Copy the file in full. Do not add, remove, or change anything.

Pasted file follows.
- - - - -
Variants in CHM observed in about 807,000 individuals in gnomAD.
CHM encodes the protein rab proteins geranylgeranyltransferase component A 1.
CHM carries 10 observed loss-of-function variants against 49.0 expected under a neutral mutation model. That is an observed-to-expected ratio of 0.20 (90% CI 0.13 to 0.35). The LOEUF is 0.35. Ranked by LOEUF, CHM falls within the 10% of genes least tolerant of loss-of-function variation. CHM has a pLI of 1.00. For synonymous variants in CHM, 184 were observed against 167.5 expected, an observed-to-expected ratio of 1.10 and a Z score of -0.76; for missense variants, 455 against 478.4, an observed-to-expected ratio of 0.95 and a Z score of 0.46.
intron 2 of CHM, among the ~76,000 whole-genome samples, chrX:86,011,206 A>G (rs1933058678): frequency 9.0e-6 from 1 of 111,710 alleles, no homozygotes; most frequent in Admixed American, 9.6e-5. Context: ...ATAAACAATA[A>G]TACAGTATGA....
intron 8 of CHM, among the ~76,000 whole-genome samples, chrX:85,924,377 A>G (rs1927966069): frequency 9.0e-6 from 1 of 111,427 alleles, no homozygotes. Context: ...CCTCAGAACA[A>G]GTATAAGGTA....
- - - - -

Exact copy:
Variants in CHM observed in about 807,000 individuals in gnomAD.
CHM encodes the protein rab proteins geranylgeranyltransferase component A 1.
CHM carries 10 observed loss-of-function variants against 49.0 expected under a neutral mutation model. That is an observed-to-expected ratio of 0.20 (90% CI 0.13 to 0.35). The LOEUF is 0.35. Ranked by LOEUF, CHM falls within the 10% of genes least tolerant of loss-of-function variation. CHM has a pLI of 1.00. For synonymous variants in CHM, 184 were observed against 167.5 expected, an observed-to-expected ratio of 1.10 and a Z score of -0.76; for missense variants, 455 against 478.4, an observed-to-expected ratio of 0.95 and a Z score of 0.46.
intron 2 of CHM, among the ~76,000 whole-genome samples, chrX:86,011,206 A>G (rs1933058678): frequency 9.0e-6 from 1 of 111,710 alleles, no homozygotes; most frequent in Admixed American, 9.6e-5. Context: ...ATAAACAATA[A>G]TACAGTATGA....
intron 8 of CHM, among the ~76,000 whole-genome samples, chrX:85,924,377 A>G (rs1927966069): frequency 9.0e-6 from 1 of 111,427 alleles, no homozygotes. Context: ...CCTCAGAACA[A>G]GTATAAGGTA....